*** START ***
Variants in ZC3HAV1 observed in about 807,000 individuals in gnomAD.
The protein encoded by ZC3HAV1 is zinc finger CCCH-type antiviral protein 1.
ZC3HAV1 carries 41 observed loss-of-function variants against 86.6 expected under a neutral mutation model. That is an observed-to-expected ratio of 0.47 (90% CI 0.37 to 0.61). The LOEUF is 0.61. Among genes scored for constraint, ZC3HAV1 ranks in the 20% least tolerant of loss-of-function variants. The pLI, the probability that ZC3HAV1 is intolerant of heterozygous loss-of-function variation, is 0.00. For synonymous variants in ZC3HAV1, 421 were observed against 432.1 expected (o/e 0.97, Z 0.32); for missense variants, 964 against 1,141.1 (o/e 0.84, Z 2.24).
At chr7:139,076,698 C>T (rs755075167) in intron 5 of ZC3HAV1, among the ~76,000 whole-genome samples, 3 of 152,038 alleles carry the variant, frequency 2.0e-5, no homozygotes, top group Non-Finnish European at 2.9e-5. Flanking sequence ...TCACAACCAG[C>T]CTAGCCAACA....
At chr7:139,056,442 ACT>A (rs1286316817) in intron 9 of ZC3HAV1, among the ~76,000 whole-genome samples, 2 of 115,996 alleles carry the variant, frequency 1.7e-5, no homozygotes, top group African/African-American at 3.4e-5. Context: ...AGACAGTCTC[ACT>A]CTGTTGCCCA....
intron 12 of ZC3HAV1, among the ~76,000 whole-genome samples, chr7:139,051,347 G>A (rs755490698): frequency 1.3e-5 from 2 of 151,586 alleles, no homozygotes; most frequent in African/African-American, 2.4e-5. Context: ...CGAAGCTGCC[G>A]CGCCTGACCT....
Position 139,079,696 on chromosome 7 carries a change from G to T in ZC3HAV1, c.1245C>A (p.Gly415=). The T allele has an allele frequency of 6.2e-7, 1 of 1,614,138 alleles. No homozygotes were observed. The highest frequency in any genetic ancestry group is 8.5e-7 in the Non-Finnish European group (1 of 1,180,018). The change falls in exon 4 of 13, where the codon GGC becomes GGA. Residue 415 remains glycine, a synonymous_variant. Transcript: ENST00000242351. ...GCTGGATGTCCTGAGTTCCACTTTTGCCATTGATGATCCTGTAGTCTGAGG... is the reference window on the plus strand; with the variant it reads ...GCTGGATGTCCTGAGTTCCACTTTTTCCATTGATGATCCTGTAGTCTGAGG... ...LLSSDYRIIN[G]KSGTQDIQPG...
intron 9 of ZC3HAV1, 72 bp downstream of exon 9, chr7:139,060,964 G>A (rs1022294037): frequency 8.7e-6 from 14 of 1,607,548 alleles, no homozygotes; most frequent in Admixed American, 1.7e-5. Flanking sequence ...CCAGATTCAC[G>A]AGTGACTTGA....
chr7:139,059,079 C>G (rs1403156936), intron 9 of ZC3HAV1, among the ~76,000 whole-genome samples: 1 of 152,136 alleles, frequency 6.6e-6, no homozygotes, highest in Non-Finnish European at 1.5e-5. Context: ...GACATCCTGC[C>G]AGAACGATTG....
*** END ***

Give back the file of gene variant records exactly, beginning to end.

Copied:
Variants in ZC3HAV1 observed in about 807,000 individuals in gnomAD.
The protein encoded by ZC3HAV1 is zinc finger CCCH-type antiviral protein 1.
ZC3HAV1 carries 41 observed loss-of-function variants against 86.6 expected under a neutral mutation model. That is an observed-to-expected ratio of 0.47 (90% CI 0.37 to 0.61). The LOEUF is 0.61. Among genes scored for constraint, ZC3HAV1 ranks in the 20% least tolerant of loss-of-function variants. The pLI, the probability that ZC3HAV1 is intolerant of heterozygous loss-of-function variation, is 0.00. For synonymous variants in ZC3HAV1, 421 were observed against 432.1 expected (o/e 0.97, Z 0.32); for missense variants, 964 against 1,141.1 (o/e 0.84, Z 2.24).
At chr7:139,076,698 C>T (rs755075167) in intron 5 of ZC3HAV1, among the ~76,000 whole-genome samples, 3 of 152,038 alleles carry the variant, frequency 2.0e-5, no homozygotes, top group Non-Finnish European at 2.9e-5. Flanking sequence ...TCACAACCAG[C>T]CTAGCCAACA....
At chr7:139,056,442 ACT>A (rs1286316817) in intron 9 of ZC3HAV1, among the ~76,000 whole-genome samples, 2 of 115,996 alleles carry the variant, frequency 1.7e-5, no homozygotes, top group African/African-American at 3.4e-5. Context: ...AGACAGTCTC[ACT>A]CTGTTGCCCA....
intron 12 of ZC3HAV1, among the ~76,000 whole-genome samples, chr7:139,051,347 G>A (rs755490698): frequency 1.3e-5 from 2 of 151,586 alleles, no homozygotes; most frequent in African/African-American, 2.4e-5. Context: ...CGAAGCTGCC[G>A]CGCCTGACCT....
Position 139,079,696 on chromosome 7 carries a change from G to T in ZC3HAV1, c.1245C>A (p.Gly415=). The T allele has an allele frequency of 6.2e-7, 1 of 1,614,138 alleles. No homozygotes were observed. The highest frequency in any genetic ancestry group is 8.5e-7 in the Non-Finnish European group (1 of 1,180,018). The change falls in exon 4 of 13, where the codon GGC becomes GGA. Residue 415 remains glycine, a synonymous_variant. Transcript: ENST00000242351. ...GCTGGATGTCCTGAGTTCCACTTTTGCCATTGATGATCCTGTAGTCTGAGG... is the reference window on the plus strand; with the variant it reads ...GCTGGATGTCCTGAGTTCCACTTTTTCCATTGATGATCCTGTAGTCTGAGG... ...LLSSDYRIIN[G]KSGTQDIQPG...
intron 9 of ZC3HAV1, 72 bp downstream of exon 9, chr7:139,060,964 G>A (rs1022294037): frequency 8.7e-6 from 14 of 1,607,548 alleles, no homozygotes; most frequent in Admixed American, 1.7e-5. Flanking sequence ...CCAGATTCAC[G>A]AGTGACTTGA....
chr7:139,059,079 C>G (rs1403156936), intron 9 of ZC3HAV1, among the ~76,000 whole-genome samples: 1 of 152,136 alleles, frequency 6.6e-6, no homozygotes, highest in Non-Finnish European at 1.5e-5. Context: ...GACATCCTGC[C>G]AGAACGATTG....